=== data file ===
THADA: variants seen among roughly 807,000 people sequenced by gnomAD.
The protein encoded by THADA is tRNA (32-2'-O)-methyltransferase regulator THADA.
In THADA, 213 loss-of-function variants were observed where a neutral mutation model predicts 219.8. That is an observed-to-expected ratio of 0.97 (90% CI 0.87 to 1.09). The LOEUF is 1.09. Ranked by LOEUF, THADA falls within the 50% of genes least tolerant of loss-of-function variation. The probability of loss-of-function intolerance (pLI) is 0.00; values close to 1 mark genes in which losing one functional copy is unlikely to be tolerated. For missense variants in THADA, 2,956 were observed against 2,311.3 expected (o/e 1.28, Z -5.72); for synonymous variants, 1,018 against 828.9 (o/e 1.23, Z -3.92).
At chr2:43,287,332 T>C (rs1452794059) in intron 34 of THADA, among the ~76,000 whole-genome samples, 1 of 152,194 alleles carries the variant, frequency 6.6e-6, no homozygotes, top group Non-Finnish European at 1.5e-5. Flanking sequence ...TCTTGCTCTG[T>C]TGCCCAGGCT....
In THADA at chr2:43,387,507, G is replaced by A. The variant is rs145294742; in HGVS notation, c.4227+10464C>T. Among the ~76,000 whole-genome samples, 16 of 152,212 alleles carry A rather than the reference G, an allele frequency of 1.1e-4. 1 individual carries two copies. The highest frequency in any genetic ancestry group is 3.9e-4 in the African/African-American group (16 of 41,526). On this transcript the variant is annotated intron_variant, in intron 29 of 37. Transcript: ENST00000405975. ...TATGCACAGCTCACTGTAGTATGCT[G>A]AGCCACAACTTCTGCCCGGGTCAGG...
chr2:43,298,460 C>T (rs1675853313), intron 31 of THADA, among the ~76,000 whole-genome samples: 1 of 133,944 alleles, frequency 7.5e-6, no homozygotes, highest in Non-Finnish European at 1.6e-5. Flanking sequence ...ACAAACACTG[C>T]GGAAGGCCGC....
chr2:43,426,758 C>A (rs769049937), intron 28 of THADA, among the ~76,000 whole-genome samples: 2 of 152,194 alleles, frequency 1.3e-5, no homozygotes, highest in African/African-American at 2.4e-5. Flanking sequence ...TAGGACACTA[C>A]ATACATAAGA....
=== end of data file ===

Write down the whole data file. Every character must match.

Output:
THADA: variants seen among roughly 807,000 people sequenced by gnomAD.
The protein encoded by THADA is tRNA (32-2'-O)-methyltransferase regulator THADA.
In THADA, 213 loss-of-function variants were observed where a neutral mutation model predicts 219.8. That is an observed-to-expected ratio of 0.97 (90% CI 0.87 to 1.09). The LOEUF is 1.09. Ranked by LOEUF, THADA falls within the 50% of genes least tolerant of loss-of-function variation. The probability of loss-of-function intolerance (pLI) is 0.00; values close to 1 mark genes in which losing one functional copy is unlikely to be tolerated. For missense variants in THADA, 2,956 were observed against 2,311.3 expected (o/e 1.28, Z -5.72); for synonymous variants, 1,018 against 828.9 (o/e 1.23, Z -3.92).
At chr2:43,287,332 T>C (rs1452794059) in intron 34 of THADA, among the ~76,000 whole-genome samples, 1 of 152,194 alleles carries the variant, frequency 6.6e-6, no homozygotes, top group Non-Finnish European at 1.5e-5. Flanking sequence ...TCTTGCTCTG[T>C]TGCCCAGGCT....
In THADA at chr2:43,387,507, G is replaced by A. The variant is rs145294742; in HGVS notation, c.4227+10464C>T. Among the ~76,000 whole-genome samples, 16 of 152,212 alleles carry A rather than the reference G, an allele frequency of 1.1e-4. 1 individual carries two copies. The highest frequency in any genetic ancestry group is 3.9e-4 in the African/African-American group (16 of 41,526). On this transcript the variant is annotated intron_variant, in intron 29 of 37. Transcript: ENST00000405975. ...TATGCACAGCTCACTGTAGTATGCT[G>A]AGCCACAACTTCTGCCCGGGTCAGG...
chr2:43,298,460 C>T (rs1675853313), intron 31 of THADA, among the ~76,000 whole-genome samples: 1 of 133,944 alleles, frequency 7.5e-6, no homozygotes, highest in Non-Finnish European at 1.6e-5. Flanking sequence ...ACAAACACTG[C>T]GGAAGGCCGC....
chr2:43,426,758 C>A (rs769049937), intron 28 of THADA, among the ~76,000 whole-genome samples: 2 of 152,194 alleles, frequency 1.3e-5, no homozygotes, highest in African/African-American at 2.4e-5. Flanking sequence ...TAGGACACTA[C>A]ATACATAAGA....